The Burmese kyat (pronounced ‘chat’) is the official currency of Myanmar. The Myanmar kyat is made up of 100 pyas and is often presented with the symbol K or MMK. Pya coins are very rare, but notes up to 1,000 kyat are commonly used.
The US dollar, however, is widely used as an alternative currency, particularly for larger purchases: foreigners are sometimes expected to pay in dollars for hotels, high-end restaurants, flights and access to historical sites. The acceptable exchange rate is 1300 kyat ~ 1 USD. If payment is made in kyat for these transactions, it may sometimes be at a worse rate. When paying in dollars, change will often be given in kyat. Smaller purchases, such as taxi rides, buses and cheaper to mid-range meals are quoted and are almost always paid for in kyat.
Blemishes of any kind – creases, marks, folds and so on – may result in getting a far worse rate of exchange or the money may not be accepted at all. Although the Myanmar government has recently told the banks to accept more than just the most pristine of foreign currency, bills that are not perfect may still be rejected, or exchanged at a lower rate. The best places to exchange are at the airport and the banks. They offer the best rates and the security that you'll get what you should be getting. You can also exchange money at your guesthouse or local jewelry shops, though the rate will likely be poorer (30 kyat/dollar less is fair) than what you would get at the bank. Do not exchange money on the streets. This is a great way to get scammed, particularly in Yangon where the shady money changers often hang out near Sule Pagoda or the main Bogyoke Market.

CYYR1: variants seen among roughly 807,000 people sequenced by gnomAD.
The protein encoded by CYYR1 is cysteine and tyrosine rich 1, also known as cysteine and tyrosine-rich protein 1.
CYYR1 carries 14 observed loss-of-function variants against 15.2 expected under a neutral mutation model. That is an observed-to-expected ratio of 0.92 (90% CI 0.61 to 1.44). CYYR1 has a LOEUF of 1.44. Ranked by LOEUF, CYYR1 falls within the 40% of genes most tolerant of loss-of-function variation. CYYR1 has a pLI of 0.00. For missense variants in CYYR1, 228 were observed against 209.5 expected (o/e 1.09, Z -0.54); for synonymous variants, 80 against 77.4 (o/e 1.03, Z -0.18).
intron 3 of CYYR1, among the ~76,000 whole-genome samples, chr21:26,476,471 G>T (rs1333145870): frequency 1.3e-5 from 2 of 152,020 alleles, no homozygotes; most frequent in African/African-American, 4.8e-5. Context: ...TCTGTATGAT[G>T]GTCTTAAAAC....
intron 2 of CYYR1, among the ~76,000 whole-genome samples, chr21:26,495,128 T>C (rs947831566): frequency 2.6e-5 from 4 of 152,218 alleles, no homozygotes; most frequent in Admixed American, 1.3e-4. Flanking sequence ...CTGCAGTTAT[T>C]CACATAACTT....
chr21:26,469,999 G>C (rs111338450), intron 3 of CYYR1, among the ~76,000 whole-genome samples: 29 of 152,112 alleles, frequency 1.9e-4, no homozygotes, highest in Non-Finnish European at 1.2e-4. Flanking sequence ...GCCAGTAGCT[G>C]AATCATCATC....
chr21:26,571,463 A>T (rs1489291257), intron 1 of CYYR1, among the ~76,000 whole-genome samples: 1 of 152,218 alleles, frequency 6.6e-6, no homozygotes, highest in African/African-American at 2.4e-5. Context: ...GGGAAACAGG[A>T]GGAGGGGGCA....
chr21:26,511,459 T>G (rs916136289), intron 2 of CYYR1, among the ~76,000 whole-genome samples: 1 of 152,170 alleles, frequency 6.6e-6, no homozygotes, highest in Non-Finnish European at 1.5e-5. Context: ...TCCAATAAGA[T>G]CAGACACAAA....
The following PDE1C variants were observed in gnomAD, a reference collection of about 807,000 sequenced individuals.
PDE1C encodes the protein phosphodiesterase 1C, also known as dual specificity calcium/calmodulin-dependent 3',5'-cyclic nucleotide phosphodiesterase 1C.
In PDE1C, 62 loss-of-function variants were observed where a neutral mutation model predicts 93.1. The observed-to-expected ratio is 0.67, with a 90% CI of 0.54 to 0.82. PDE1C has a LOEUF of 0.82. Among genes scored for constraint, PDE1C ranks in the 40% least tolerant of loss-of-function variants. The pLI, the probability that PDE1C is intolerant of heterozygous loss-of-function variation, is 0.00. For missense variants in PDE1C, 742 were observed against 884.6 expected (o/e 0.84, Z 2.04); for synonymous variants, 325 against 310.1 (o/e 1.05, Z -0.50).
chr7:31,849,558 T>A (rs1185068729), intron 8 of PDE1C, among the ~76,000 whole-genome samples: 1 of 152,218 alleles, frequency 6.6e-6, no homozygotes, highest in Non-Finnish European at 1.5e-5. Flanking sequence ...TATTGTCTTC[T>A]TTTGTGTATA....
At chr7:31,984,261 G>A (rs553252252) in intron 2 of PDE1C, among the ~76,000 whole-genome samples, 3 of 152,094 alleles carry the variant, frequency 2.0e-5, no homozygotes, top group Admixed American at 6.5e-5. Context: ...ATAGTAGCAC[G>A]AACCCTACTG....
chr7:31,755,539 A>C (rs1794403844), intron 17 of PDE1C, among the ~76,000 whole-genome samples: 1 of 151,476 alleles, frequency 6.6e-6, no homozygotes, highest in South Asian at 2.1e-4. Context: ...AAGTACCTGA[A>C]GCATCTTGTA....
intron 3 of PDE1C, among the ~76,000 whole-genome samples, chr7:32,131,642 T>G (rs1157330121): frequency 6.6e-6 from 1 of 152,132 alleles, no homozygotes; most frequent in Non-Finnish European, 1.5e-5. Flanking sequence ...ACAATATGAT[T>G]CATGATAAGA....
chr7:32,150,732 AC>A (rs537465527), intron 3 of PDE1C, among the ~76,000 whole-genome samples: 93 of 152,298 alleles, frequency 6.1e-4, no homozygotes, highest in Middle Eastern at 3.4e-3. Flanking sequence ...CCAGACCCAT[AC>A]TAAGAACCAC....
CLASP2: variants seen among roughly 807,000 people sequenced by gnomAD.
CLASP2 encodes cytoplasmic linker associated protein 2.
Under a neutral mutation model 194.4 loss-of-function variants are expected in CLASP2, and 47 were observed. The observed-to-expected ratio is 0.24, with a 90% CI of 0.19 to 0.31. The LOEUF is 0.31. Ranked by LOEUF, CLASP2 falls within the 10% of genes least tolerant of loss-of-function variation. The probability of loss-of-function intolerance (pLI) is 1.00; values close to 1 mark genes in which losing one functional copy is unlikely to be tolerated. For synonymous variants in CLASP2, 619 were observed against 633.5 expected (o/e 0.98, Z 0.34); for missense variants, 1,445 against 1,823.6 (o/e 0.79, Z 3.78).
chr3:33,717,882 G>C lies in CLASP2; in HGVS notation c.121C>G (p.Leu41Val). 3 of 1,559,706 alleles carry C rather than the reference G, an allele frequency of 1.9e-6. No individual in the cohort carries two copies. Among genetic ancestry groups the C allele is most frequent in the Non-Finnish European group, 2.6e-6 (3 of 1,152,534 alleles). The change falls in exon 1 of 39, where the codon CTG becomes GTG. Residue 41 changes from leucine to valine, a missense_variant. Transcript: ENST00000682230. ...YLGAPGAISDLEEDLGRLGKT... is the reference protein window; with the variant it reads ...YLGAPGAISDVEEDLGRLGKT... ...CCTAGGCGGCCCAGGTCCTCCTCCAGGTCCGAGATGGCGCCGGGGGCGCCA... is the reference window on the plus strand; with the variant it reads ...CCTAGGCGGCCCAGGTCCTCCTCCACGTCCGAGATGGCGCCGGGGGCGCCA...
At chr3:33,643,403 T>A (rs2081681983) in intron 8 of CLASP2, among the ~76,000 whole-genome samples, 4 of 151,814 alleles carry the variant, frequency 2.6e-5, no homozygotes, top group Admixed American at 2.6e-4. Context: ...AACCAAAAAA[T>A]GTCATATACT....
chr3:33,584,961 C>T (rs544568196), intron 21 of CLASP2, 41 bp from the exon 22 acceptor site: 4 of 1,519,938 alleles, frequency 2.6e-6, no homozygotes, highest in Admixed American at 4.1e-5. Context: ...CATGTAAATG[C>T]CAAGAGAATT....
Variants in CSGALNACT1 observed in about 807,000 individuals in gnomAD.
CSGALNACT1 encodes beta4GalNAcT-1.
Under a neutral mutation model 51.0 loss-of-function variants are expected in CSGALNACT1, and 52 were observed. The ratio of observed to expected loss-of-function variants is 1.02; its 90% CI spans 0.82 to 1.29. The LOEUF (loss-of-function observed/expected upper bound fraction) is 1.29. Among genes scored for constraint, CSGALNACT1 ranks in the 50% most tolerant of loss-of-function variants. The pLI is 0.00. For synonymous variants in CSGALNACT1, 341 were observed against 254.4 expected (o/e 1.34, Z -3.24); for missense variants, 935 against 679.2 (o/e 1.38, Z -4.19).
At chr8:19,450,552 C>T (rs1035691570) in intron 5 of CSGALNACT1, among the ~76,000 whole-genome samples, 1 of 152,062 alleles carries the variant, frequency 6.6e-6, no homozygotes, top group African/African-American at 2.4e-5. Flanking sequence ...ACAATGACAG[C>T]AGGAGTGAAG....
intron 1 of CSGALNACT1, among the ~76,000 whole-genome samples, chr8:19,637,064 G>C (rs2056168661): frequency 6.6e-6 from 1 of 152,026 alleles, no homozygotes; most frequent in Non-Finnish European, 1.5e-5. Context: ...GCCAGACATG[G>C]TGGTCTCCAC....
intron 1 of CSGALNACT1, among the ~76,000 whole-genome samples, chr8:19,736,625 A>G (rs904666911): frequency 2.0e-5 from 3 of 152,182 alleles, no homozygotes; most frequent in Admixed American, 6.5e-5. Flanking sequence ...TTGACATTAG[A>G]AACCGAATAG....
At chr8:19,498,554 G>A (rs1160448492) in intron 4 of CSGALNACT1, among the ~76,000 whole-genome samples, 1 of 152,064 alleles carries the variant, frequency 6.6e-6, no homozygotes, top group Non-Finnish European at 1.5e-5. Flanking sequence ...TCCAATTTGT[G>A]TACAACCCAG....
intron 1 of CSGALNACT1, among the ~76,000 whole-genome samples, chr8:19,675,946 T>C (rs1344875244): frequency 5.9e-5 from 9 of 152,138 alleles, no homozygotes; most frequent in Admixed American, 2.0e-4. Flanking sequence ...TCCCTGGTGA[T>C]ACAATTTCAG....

While visitors once had to bring in all the necessary cash for their travels into Myanmar, there are now over 600 ATMS that accept international bank and credit cards located throughout the country – although bear in mind that most are concentrated in Yangon, Mandalay, Nay Pyi Taw, Bagan and Inle Lake. Cardholders can also withdraw local currency from ATMs and use their cards at a growing number of major outlets such as hotels, restaurants, and retailers.
Currently only Visa, Mastercard (Maestro/Cirrus), China’s Union Pay and Japan’s JCB can be used; the biggest providers of compatible ATMs are CB (Co-operative) Bank and KBZ (Kanbawza) Bank. Others include AGD Bank, AYA Bank and United Amara Bank.
For ATM cash withdrawals, there is a 5000 Kyats transaction fee, and a withdrawal limit of 300,000 Kyats per transaction. Depending on the conditions set by your own bank at home, you may be allowed multiple withdrawals per day. The use of ATMs in Myanmar is sometimes restricted by internet failure.
There are no international banks in Myanmar at the moment, and local banks are in the process of becoming part of the international banking system.
Image sources: Internet